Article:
Teach a Man to Fish…and Give Him Some Nets: International Anti-Poverty Program

Extreme poverty worldwide has been declining over the past few decades (unbeknowst to most Americans) with the chance of eradicating it by 2030. Organizations are testing new anti-poverty programs, including a 10-year experiment with guaranteed basic income in Kenya. One program titled Graduation “included 10,495 households in Ethiopia, Ghana, Honduras, India, Pakistan, and Peru. Almost half of the families in the study lived on less than $1.25 a day.” The results of this experiment were published last year:

The specifics of Graduation varied by country, but the basic premise was the same. All the Graduation programs gave families some kind of “productive asset,” such as sheep, goats, seed corn, bees, or small shops. They all provided training on how to build a business using the assets, and gave food or cash aid to the families for up to a year, in part to discourage them from eating or selling their “productive asset.” The programs also gave families access to a savings account, and some programs required that families contributed to the account regularly.

One year after the program ended, researchers found that Graduation families bought more, owned more, spent more time working, were more politically active, and missed fewer meals than similar families who hadn’t enrolled in the program. The changes were all statistically significant, but, the researchers note, not very large.[ref]”The exception was Honduras,” the author writes, “where families didn’t consume more one year after the end of Graduation (though they did immediately after the program ended). The driving factor there was likely that most Hondurans chose chickens as their productive asset, and most of the chickens died of illness a year after Graduation finished[.]”[/ref]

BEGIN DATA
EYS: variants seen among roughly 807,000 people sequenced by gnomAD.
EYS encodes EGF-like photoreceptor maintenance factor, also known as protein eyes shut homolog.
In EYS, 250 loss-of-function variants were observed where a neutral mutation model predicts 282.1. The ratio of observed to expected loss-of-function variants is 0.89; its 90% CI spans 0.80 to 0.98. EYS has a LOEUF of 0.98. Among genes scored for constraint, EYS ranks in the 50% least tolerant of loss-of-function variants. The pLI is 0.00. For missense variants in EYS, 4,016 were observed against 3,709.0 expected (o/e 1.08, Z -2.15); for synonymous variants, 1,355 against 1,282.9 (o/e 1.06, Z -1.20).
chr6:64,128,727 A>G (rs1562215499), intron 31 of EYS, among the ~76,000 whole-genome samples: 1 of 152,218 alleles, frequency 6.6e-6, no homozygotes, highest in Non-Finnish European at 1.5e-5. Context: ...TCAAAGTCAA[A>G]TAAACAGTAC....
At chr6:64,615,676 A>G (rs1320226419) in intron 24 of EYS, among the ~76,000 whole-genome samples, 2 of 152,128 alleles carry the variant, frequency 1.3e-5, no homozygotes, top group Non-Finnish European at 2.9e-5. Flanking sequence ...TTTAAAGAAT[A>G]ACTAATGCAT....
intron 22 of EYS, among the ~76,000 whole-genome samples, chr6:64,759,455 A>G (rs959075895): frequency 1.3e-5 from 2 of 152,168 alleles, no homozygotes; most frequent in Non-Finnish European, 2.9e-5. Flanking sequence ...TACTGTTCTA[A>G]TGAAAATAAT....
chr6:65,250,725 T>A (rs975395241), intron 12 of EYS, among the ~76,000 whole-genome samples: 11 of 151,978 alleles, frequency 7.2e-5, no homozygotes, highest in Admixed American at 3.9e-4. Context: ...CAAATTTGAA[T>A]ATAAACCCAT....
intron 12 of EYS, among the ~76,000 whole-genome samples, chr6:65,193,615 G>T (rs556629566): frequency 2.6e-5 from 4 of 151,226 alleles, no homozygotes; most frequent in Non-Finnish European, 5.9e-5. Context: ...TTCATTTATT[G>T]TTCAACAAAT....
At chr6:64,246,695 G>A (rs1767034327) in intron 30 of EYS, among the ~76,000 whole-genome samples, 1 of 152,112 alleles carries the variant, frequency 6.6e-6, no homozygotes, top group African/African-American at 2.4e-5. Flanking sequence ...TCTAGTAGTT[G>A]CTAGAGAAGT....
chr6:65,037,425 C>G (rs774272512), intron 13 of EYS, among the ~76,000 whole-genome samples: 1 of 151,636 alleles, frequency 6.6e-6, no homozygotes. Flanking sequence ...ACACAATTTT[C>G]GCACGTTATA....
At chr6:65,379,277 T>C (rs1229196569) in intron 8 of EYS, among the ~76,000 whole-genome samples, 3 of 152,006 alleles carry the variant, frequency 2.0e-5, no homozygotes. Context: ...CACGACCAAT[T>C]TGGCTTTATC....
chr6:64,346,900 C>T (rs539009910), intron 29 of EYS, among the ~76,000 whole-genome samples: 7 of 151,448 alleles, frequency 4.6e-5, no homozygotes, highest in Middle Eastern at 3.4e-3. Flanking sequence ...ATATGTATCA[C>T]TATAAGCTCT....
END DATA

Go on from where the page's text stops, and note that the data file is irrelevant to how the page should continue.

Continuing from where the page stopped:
Admittedly, the program “is expensive, costing between $3,000 to $6,000 per household, depending on the country. But in five out of the six countries the researchers studied, Graduation provided a slight positive return on investment because households in those countries ended up consuming more — thus paying more money into their local economies — than it cost to aid them.”

I’m excited about these experiments and the future of evidence-based policies and programs. I’ve often complained (privately) over the years about the “solutions” to poverty by both the American Right and Left. To generalize in a rather cynical way, the Left assumes that if you throw money at the problem, it will go away. The Right, on the other hand, just thinks the poor should “pull themselves up by their bootstraps.” To soften it a tad, the Left believes in providing the poor with resources/capital. The Right believes that to truly rise out of poverty requires proper incentives, behaviors, and work. Programs like the one above might demonstrate that “the true answer to poverty requires a little bit of everything: Teaching people how to fish, giving them fishing nets, and giving them the fish too.”